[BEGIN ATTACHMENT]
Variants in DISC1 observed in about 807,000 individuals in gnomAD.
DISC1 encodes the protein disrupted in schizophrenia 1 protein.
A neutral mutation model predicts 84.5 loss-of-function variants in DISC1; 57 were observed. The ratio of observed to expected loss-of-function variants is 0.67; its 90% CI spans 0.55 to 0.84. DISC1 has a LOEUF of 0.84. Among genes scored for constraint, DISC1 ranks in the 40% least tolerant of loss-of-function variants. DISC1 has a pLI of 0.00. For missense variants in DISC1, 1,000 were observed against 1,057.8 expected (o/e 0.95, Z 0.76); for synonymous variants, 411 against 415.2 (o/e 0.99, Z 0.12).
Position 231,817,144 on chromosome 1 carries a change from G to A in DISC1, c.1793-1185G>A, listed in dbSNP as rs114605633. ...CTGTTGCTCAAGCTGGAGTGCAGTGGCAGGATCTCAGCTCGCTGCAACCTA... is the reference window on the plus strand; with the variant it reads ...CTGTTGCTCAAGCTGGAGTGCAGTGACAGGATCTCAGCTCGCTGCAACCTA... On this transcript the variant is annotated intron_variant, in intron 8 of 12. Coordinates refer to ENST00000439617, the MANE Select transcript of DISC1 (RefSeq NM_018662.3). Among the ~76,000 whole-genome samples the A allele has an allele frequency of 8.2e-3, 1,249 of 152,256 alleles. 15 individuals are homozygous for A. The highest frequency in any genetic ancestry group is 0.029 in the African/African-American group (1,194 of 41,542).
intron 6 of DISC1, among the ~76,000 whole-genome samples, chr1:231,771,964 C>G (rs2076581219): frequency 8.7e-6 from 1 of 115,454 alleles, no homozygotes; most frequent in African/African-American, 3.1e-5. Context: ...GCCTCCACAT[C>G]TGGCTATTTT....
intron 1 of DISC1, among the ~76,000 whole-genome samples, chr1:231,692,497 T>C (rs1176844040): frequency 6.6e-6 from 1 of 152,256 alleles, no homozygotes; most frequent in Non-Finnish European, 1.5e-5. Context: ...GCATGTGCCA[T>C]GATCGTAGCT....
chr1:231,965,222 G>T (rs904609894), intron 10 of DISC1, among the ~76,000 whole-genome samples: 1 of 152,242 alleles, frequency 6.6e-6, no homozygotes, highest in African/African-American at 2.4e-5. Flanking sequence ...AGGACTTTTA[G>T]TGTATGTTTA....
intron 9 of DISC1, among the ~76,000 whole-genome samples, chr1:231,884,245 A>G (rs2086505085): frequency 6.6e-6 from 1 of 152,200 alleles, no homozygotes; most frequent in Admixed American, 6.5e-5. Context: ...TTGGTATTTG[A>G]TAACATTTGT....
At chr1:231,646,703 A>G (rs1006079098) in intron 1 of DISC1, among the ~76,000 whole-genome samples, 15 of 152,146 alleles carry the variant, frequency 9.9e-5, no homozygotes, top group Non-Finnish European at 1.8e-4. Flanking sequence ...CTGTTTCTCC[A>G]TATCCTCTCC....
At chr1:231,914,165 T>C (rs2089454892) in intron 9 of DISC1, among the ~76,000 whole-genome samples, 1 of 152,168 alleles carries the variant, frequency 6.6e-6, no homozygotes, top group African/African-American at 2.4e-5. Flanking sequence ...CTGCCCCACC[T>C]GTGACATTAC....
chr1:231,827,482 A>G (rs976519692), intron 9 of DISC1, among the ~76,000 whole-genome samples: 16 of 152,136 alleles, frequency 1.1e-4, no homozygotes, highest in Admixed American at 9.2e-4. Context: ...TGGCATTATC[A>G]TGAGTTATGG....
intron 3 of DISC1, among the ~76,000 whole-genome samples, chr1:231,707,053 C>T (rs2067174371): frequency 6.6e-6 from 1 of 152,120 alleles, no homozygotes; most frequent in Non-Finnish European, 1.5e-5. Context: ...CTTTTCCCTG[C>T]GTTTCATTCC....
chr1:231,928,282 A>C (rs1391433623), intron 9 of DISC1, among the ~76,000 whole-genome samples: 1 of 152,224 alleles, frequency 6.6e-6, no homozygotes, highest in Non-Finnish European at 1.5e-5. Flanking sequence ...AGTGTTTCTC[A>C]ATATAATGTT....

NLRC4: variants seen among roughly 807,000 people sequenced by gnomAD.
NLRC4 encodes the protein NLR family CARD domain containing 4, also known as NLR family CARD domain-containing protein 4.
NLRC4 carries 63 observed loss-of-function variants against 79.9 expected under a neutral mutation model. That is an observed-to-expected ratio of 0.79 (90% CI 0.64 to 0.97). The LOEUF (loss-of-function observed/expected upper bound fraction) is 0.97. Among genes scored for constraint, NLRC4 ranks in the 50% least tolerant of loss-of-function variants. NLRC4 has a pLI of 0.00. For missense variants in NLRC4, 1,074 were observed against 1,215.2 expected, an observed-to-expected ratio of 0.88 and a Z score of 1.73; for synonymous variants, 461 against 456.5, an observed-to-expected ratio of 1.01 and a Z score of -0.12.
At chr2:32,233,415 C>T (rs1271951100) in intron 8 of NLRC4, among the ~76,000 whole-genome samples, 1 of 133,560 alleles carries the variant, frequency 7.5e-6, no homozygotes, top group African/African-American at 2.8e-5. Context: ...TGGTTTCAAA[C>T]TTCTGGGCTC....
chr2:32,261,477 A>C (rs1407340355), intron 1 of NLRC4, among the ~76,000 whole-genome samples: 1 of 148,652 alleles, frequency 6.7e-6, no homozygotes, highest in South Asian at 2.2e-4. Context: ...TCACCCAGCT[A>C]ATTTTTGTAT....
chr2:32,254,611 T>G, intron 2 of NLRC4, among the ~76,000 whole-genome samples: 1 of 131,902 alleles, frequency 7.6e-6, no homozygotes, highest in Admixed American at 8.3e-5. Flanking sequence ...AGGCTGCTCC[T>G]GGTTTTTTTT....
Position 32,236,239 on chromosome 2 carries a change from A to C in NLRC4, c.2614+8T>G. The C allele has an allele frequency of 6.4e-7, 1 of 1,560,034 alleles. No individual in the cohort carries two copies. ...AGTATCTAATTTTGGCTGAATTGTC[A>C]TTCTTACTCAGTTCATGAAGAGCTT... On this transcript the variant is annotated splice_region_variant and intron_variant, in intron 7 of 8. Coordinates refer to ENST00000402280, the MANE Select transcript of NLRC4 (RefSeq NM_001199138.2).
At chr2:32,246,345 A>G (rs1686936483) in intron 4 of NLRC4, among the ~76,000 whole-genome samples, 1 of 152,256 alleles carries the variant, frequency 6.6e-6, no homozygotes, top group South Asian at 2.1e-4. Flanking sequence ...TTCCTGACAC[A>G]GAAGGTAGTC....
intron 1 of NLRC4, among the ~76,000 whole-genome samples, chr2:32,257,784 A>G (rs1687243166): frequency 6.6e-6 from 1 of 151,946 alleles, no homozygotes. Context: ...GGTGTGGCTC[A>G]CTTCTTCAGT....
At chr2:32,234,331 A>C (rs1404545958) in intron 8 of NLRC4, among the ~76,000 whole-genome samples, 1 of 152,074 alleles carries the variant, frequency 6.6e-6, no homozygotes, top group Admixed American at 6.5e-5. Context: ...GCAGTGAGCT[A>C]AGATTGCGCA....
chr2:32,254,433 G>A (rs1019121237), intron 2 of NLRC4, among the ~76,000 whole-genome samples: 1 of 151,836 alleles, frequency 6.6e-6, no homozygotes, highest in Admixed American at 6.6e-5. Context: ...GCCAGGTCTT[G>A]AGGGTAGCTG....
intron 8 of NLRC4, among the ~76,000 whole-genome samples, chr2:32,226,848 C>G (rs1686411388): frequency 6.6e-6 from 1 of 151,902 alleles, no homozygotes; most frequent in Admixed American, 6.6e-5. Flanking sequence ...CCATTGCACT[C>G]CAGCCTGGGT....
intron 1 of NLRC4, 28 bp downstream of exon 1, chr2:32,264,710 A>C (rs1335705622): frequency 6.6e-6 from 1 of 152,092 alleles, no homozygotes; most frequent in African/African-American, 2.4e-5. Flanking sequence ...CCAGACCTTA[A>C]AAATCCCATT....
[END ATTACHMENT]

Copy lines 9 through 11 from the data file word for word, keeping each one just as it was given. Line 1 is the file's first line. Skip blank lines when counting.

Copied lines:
At chr1:231,646,703 A>G (rs1006079098) in intron 1 of DISC1, among the ~76,000 whole-genome samples, 15 of 152,146 alleles carry the variant, frequency 9.9e-5, no homozygotes, top group Non-Finnish European at 1.8e-4. Flanking sequence ...CTGTTTCTCC[A>G]TATCCTCTCC....
At chr1:231,914,165 T>C (rs2089454892) in intron 9 of DISC1, among the ~76,000 whole-genome samples, 1 of 152,168 alleles carries the variant, frequency 6.6e-6, no homozygotes, top group African/African-American at 2.4e-5. Flanking sequence ...CTGCCCCACC[T>C]GTGACATTAC....
chr1:231,827,482 A>G (rs976519692), intron 9 of DISC1, among the ~76,000 whole-genome samples: 16 of 152,136 alleles, frequency 1.1e-4, no homozygotes, highest in Admixed American at 9.2e-4. Context: ...TGGCATTATC[A>G]TGAGTTATGG....